Must You Go?: My Life with Harold Pinter

A moving testament to modern literature's most celebrated marriage: that of the greatest playwright of our age, Harold Pinter, and the beautiful and famous prize-winning biographer, Antonia Fraser. In this exquisite memoir, Antonia Fraser recounts the life she shared with the internationally renowned dramatist. In essence, it is a love story and a marvelously insightful account of their years together. Must You Go? is based on Fraser's recollections and on the diaries she has kept since October 1968. She shares Pinter's own revelations about his past, as well as observations by his friends. From the Hardcover edition.

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By Jenny (The United States) · ★☆☆☆☆ · March 24, 2011
Real Housewives of Literary London.

I have rarely been this disappointed in a book. If reading a daytimer gets you off, you'll love it. But if you want to know what people were thinking and feeling while committing adultery, leaving their 6 kids behind, and dining with the rich famous, you're out... ...more
By Fred (San Diego, CA) · ★★★★☆ · February 12, 2011
Hemingway wrote somewhere that when two people are deeply in love, it is
Inevitable that their story will end in tragedy, since one will quite likely out-
live the other. I've been thinking about this recently because in the last few years I've read a handful of books by widows who were in deeply r... ...more
By Kasa (Oakland, CA) · ★★★★★ · January 05, 2011
Who can resist a rollicking, passionate love story, but even more so, when the characters are vital, alive and have so many dimensions as this karmic couple. Antonia Fraser and Harold Pinter are level headed, famous and accomplished, married quite happily to others, when they meet in 1975 and are... ...more
By Ann (Bainbridge Island, WA) · ★★☆☆☆ · December 01, 2010
Please call her "Lady" Antonia, after all, her father was an Earl. She relates that she was quite relieved when at a dinner party the host correctly sat her to his right; the rightful place for the daughter of an Earl. Did she mention she is the daughter of an Earl? No doubt a fascinating life, l... ...more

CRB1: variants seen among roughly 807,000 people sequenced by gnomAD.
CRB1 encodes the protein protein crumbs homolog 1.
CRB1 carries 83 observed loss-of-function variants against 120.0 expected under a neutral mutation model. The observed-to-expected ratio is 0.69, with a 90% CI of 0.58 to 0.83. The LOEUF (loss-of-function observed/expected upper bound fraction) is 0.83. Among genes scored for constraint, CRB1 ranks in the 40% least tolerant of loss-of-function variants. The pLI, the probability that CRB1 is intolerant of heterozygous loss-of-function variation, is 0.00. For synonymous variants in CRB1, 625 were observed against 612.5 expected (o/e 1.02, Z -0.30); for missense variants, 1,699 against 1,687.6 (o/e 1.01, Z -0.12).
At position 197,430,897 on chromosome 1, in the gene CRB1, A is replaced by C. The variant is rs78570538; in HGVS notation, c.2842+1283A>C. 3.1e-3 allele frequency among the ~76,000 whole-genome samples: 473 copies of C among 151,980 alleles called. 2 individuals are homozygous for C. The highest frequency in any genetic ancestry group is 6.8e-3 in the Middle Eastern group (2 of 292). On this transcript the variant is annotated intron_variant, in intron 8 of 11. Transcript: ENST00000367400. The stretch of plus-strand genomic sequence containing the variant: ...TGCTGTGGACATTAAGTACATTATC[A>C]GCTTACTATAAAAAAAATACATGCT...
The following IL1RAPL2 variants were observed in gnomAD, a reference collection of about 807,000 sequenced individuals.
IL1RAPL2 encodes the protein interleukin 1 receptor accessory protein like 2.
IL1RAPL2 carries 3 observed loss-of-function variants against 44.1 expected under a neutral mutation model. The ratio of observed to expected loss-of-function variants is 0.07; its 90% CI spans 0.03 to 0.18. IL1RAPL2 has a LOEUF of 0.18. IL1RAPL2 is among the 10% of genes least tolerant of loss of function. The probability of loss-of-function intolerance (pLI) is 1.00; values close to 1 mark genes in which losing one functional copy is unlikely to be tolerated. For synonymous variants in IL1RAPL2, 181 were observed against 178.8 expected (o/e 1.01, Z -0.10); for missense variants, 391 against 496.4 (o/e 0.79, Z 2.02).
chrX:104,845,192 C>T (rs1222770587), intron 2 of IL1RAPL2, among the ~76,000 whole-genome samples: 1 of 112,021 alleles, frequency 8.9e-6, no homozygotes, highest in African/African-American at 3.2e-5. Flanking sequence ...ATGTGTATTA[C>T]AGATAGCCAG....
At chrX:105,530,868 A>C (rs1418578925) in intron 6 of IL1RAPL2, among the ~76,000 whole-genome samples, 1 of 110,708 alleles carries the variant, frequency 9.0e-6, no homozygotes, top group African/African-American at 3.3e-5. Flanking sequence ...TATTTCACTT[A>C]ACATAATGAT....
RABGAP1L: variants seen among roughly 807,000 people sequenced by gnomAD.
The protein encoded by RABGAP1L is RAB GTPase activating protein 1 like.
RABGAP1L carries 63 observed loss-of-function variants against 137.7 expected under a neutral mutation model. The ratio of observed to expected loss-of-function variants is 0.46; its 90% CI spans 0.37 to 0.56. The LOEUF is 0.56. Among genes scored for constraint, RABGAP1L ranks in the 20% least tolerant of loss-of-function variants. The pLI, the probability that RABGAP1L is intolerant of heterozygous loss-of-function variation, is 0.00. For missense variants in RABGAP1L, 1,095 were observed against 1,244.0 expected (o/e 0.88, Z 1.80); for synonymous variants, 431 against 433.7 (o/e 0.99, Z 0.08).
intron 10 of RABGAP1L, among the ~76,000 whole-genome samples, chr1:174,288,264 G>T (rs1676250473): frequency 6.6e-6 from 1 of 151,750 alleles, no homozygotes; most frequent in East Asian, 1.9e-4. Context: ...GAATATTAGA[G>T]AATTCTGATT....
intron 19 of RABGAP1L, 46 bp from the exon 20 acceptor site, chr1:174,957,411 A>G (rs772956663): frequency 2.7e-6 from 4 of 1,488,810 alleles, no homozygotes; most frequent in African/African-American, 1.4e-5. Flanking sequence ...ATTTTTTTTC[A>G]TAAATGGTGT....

By Mark (The United Kingdom) · ★★★★★ · January 31, 2014
A tender and warm, fascinating narrated memoir, with extracts from her extensive diaries, this historian recounts her long marriage with the poet Harold Pinter, eventually documenting his fight with, and eventual death, from cancer.

While not the usual type of book that I read, I had a vested int... ...more
By Kayleen · ★☆☆☆☆ · September 06, 2010
I only finished this book because I owe a review for the ARC. Ugh! 300+ pages of self-important boring diary entires and endless name dropping. I've never read any of her books before, and based on this, never will again! ...more
By Callie (Springville, UT) · ★★★★☆ · January 30, 2015
I thank Antonia Fraser for writing this book and taking me places. If I couldn't be married to my own current dearly beloved husband, I sure would enjoy being married to a Nobel prize-winning playwright. If you read this, you will mostly be treated to her journal entries and find out things like... ...more
By Tara · ★★★★☆ · January 11, 2013
If there’s one thing you walk away with after reading Antonia Fraser’s memoir Must You Go, My Life with Harold Pinter, it’s that she and her second husband Harold Pinter were deeply in love. Reading a memoir that doesn’t focus exclusively on tribulations its author has overcome is refreshing. Rem... ...more
By Seth (The United States) · ★★★☆☆ · December 19, 2010
I enjoyed following the ebb and flow of Harold Pinter's and Antonia Fraser's 30+ years together. Fraser has successfully and naturally documented how they dedicated their lives to sharing myriad successes, failures, joys and hardships. Fraser maintains an honesty and matter-of-factness throughout... ...more
By Kristine (The United States) · ★★☆☆☆ · July 10, 2011
Antonia Fraser, born in London in 1932, is a Brit of privilege ("Lady" Antonia Fraser); historian; successful writer in various genres (non-fiction includes The Weaker Vessel, The Warrior Queens, Marie Antoinette; detective fiction includes Quiet as a Nun and other Jemima Shore books); mother of... ...more